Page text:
Planners due to make decision on scheme this autumn
The developer behind the Bishopsgate Goodsyard scheme has said it will be hiring new architects to design the remaining residential towers at the east London site.
PLP is behind towers at three plots – known as C, F and G – which are 30 and 26 storeys for C and 46 and 38 for F and G respectively.
Two other plots are also earmarked for residential and are expected to come in at 24 and 17 storeys for plot D while the remaining site, plot E, will be 16 storeys stepping down to nine.
Asked if the Hammerson-Ballymore joint venture would be using PLP for the remaining sites, Hammerson development manager Tony Coughlan said: “Probably not. We like the idea that we have a wide range of architects working at the site.”
Other practices working at the scheme include Buckley Gray Yeoman, which was appointed to work on the offices last year, while Chris Dyson Architects is responsible for the historic properties. Faulkner Browns Architects has been appointed to the scheme’s retail element and Spacehub is lined up for a park.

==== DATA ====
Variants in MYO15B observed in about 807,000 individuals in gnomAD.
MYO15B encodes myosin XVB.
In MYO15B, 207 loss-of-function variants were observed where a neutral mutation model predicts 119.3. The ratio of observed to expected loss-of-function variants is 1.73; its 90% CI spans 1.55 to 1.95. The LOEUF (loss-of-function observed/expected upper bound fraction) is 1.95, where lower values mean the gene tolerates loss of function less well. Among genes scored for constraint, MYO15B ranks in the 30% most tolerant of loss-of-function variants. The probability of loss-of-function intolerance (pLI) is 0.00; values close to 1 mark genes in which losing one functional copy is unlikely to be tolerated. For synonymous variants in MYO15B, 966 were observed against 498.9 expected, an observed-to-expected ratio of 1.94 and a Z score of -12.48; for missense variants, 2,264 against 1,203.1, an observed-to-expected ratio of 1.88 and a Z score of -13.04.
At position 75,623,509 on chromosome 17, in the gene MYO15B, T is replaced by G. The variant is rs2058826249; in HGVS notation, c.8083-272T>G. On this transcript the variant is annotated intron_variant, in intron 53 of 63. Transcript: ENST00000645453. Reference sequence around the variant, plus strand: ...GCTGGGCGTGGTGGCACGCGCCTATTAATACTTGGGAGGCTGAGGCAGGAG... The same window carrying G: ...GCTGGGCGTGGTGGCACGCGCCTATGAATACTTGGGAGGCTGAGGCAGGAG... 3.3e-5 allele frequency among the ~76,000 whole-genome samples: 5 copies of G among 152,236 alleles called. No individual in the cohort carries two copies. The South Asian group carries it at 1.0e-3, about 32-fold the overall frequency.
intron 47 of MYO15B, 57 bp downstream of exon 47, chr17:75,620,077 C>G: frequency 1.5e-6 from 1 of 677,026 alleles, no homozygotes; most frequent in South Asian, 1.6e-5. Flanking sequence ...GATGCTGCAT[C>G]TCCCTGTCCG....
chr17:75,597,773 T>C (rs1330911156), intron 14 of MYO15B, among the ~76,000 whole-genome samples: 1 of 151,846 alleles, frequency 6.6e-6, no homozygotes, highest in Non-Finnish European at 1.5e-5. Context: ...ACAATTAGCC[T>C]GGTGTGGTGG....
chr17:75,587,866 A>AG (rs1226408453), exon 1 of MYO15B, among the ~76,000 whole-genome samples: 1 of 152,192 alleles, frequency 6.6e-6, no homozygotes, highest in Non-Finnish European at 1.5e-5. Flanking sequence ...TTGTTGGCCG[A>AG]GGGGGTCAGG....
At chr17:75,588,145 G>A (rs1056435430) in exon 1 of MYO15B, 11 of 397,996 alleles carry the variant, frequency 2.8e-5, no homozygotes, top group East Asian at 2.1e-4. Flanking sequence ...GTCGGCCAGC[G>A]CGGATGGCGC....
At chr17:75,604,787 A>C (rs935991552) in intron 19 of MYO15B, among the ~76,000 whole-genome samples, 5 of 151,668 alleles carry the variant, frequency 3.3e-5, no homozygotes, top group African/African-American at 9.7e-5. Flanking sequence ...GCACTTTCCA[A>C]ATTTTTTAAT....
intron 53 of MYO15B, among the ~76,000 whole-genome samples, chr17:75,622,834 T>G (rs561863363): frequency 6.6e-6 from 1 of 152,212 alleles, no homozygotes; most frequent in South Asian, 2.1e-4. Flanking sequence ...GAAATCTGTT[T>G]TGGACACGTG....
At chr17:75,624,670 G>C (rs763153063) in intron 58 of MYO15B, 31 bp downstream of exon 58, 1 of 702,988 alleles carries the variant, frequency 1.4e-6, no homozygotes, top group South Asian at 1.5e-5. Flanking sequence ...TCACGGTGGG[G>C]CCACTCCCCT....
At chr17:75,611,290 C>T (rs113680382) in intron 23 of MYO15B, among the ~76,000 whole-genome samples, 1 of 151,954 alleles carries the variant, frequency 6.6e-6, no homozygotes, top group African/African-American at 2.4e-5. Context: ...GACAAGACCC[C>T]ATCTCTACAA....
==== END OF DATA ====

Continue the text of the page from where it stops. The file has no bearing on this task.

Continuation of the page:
A new consultation on the scheme began last week after the developer made a number of changes following high-profile criticism of the development.
The changes, which include lowering the heights of the two tallest towers, have seen the number of resi units trimmed by just over 100 to 1,356.
But Coughlan said it would not be lowering the heights any more – despite objections from the More Light, More Power campaign which said the two tallest towers were still too high.
“We’re not in a position to drop any more,” he added. “It will impact on the benefits we can provide. Reducing income from residential means the rest of the site might be unviable.”
More Light, More Power spokesman David Donoghue said: “The revised scheme does not adequately address the appalling effect of looming towers being imposed on a thriving low-rise community of businesses and residents. The developers have made minimal adjustments only.”
The developer is hoping work can start towards the end of next year with the entire scheme expected to take 15 years to build out.
A decision by planning authorities Tower Hamlets and Hackney is due this autumn. Coughlan said: “We are confident we can get a successful planning decision. We have listened to the concerns and we believe we have got the right mix.”
This story first appeared on Building Design